The talks have started, the truce is holding, and the Maoists are in a deep huddle here in Rolpa this week to plan out their future strategy. The party is at a crossroads: after six years of insurgency. It is dazzled by the prospect of being a legitimate political force and is preparing to come out in the open. But its leadership cannot just abandon the "peoples' war" that it was fighting and winning.
The meeting at Mirul village development committee, about a day's walk north from here, brings together the top leadership to take stock and analyse events since the underground party's second convention in February that launched the Prachanda Path doctrine-the royal massacre, the rise to power of Prime Minister Sher Bahadur Deuba, and Chairman Prachanda's meeting with mainstream left leaders in Siliguri, India.
Maoists leaders entered Rolpa through Dang avoiding the motorable road, and trekked through Holeri and Ghartigaon to Mirul. The rebels had hired three horses for their leaders. All senior Maoist party leaders and chiefs of front organisations are in Rolpa this week for the equivalent of a party plenum. They include Chairman Prachanda, Baburam Bhattarai and others in the seven-member Maoist high command, the entire politburo of up to 20 members and the 55-member Central Committee. District and regional military commanders and commissars were also ordered to march to Rolpa, as were the 11 members of the group's central advisory committee. The conclusions of the party plenum are expected to be announced on 9 September at a mass meeting in Libang organised by the above ground Maoist students' organisation.
The central committee last met in Siliguri in August to decide on the party's agenda for talks, including:
an interim government,
a new constitution, and
the institutionalisation of a republic.
At the same meeting the Maoists had decided to intensify the formation of village and district level "peoples' organisations", and also regional and central level cells. The other decision was to try to secure the support of all leftist parties to set up a republic. The peoples' organisation has expanded, but efforts in Siliguri to unify the left into one force faltered as all leftist parties except the Ekata Kendra balked.
This week's Mirul conclave will also serve to gauge the opinion of the Maoist cadre about negotiations, and possibly sell to a sceptical following the need to come out into the open. The Central Committee now says it is prepared for the minimum and the maximum that might come out of the talks-at the least a bourgeois republic (like in India), at most a people's republic (like in China). The plenum may even decide that the immediate goal would be to come above ground in a flexible interim set-up while keeping the long-term goal of a peoples' republic alive. Even Chairman Prachanda seems stumped by what he should call such a compromise, and has opted simply for "a new kind of political system."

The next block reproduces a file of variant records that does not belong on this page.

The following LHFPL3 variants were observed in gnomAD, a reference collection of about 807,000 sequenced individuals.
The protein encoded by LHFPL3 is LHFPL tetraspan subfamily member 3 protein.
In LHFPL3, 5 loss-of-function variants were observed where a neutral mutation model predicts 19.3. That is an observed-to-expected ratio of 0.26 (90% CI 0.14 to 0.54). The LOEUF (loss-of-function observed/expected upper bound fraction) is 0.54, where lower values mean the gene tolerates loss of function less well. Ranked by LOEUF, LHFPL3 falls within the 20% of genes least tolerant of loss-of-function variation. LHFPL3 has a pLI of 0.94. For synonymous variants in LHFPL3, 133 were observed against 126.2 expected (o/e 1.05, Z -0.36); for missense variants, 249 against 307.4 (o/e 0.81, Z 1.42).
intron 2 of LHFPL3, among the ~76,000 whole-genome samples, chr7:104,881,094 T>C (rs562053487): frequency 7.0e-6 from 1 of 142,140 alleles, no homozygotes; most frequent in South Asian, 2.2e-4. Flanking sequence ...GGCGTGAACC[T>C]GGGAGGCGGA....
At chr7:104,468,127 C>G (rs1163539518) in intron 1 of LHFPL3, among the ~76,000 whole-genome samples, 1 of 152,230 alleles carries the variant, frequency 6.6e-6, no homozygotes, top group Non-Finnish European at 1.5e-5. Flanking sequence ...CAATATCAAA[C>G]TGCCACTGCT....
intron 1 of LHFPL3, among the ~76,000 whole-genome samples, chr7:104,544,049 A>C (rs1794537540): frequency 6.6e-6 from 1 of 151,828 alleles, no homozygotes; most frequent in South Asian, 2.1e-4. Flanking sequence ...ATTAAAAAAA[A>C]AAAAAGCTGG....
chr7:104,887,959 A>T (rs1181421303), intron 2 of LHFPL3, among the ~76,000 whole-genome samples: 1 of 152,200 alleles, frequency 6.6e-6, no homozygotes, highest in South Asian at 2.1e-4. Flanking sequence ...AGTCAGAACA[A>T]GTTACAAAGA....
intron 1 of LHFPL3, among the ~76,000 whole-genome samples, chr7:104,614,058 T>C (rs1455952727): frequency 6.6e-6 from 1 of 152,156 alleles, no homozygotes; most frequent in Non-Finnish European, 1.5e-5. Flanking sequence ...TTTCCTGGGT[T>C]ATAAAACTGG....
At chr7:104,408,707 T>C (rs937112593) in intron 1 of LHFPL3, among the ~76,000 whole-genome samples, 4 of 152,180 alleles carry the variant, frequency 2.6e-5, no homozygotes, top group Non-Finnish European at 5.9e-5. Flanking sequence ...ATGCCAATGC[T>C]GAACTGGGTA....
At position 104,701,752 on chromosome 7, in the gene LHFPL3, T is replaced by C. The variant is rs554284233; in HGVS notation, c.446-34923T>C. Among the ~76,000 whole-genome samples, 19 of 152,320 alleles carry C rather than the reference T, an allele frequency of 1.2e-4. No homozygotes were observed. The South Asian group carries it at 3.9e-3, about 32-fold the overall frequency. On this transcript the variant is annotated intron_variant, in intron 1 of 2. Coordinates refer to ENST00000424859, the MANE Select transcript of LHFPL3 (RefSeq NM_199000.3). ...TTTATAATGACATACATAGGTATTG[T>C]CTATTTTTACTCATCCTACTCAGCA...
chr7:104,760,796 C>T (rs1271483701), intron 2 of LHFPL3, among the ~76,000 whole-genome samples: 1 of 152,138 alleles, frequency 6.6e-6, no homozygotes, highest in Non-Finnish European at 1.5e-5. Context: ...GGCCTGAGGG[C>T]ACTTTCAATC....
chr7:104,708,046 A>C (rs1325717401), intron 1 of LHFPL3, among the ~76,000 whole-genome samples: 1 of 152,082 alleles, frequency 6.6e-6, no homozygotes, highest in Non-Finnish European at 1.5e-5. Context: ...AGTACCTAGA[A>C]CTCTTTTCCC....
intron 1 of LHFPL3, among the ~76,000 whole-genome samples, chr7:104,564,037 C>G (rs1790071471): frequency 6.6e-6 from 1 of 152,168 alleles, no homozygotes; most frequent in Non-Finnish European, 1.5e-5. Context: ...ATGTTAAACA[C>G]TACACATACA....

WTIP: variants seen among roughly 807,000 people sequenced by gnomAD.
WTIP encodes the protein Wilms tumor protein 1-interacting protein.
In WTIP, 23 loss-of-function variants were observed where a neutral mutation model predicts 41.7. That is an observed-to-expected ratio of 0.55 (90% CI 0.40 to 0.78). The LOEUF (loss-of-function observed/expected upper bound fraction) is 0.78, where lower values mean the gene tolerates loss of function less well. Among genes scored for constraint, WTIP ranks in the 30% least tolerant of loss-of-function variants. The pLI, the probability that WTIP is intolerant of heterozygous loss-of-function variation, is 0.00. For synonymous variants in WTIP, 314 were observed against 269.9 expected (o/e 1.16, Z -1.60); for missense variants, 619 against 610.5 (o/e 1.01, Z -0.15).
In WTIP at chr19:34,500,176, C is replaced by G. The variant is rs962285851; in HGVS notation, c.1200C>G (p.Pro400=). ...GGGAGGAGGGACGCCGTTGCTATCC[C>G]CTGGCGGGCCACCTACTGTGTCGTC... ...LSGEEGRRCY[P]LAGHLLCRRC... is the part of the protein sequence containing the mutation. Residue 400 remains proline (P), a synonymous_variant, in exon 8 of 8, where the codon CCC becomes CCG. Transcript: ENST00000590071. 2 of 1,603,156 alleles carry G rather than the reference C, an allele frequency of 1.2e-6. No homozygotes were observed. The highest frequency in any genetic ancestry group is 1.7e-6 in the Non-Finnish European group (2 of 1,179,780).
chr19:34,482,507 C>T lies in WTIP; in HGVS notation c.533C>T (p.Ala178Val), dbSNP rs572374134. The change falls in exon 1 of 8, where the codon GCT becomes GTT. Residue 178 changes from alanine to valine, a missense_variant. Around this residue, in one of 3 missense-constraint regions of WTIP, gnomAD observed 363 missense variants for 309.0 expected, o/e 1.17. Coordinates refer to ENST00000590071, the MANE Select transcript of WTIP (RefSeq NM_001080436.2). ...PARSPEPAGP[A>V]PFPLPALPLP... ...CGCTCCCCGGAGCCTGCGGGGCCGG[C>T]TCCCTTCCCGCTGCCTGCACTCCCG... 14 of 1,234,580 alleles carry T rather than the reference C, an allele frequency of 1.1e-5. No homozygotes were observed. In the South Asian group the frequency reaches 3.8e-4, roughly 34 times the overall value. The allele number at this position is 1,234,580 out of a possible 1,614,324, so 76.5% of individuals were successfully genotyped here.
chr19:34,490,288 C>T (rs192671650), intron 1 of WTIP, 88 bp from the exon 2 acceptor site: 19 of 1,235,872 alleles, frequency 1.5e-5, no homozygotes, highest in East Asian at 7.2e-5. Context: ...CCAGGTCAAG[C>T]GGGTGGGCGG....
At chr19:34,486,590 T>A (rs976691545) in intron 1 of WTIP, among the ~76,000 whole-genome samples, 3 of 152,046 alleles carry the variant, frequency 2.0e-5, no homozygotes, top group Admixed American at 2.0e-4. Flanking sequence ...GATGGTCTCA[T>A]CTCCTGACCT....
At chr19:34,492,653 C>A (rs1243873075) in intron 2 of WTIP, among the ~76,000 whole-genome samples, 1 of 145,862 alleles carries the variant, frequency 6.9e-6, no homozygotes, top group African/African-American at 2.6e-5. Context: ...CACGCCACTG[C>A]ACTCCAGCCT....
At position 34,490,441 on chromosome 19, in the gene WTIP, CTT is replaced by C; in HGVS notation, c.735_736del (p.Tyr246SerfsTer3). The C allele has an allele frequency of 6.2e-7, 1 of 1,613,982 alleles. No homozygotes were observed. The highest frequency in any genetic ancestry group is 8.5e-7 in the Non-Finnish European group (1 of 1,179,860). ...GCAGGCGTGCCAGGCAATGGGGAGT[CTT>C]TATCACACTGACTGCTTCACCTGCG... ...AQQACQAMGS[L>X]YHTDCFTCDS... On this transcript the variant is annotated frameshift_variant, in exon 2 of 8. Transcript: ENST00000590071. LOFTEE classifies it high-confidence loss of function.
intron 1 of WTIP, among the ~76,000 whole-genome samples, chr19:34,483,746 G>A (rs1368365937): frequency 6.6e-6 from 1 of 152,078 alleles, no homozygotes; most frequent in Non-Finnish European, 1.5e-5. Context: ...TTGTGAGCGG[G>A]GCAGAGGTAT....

"It is unusual for the high command to go to the larger party to get its decisions endorsed," a leftist analyst told us. "The decisions in Rolpa will show which way the talks with government will go." So far, gauging from the outcome at Godavari on 30 August, the mood is surprisingly conciliatory. Even a government source at the talks couldn't tell us whether the conciliatory mood was genuine or a ploy to buy time. "They did not directly say they wanted a new constitution, and even admitted the call for a republic was only a \'practical' bargaining position," he told us. Others have an even more convoluted explanation: that the talks are just a red herring for real negotiations going on at a higher level behind the scenes.
Whatever the case, Godavari seems to have been atmospherics. Neither side put its real cards on the table. The government's strategy is to stretch the ceasefire as long as possible and try to woo as many of the top Maoists as it can into open politics. The Maoists for their part are buying time to recruit, regroup, train and use mass meetings for a show of strength. The government and the Maoists both know public opinion is for peace and there will be a backlash against the first side to break off the talks.